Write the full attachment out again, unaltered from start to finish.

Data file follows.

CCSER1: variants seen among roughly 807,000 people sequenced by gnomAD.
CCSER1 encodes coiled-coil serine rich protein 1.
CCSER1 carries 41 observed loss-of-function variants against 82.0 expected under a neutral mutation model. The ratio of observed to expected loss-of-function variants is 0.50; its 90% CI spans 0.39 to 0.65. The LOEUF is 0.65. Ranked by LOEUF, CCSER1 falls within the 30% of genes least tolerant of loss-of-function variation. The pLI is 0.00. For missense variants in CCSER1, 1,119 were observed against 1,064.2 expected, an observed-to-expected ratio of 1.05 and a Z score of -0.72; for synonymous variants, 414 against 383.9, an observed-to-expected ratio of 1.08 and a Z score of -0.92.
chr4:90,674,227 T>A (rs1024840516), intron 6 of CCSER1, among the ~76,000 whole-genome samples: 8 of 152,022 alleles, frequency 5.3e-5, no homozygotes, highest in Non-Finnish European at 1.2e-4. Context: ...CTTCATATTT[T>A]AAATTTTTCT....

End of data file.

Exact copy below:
CCSER1: variants seen among roughly 807,000 people sequenced by gnomAD.
CCSER1 encodes coiled-coil serine rich protein 1.
CCSER1 carries 41 observed loss-of-function variants against 82.0 expected under a neutral mutation model. The ratio of observed to expected loss-of-function variants is 0.50; its 90% CI spans 0.39 to 0.65. The LOEUF is 0.65. Ranked by LOEUF, CCSER1 falls within the 30% of genes least tolerant of loss-of-function variation. The pLI is 0.00. For missense variants in CCSER1, 1,119 were observed against 1,064.2 expected, an observed-to-expected ratio of 1.05 and a Z score of -0.72; for synonymous variants, 414 against 383.9, an observed-to-expected ratio of 1.08 and a Z score of -0.92.
chr4:90,674,227 T>A (rs1024840516), intron 6 of CCSER1, among the ~76,000 whole-genome samples: 8 of 152,022 alleles, frequency 5.3e-5, no homozygotes, highest in Non-Finnish European at 1.2e-4. Context: ...CTTCATATTT[T>A]AAATTTTTCT....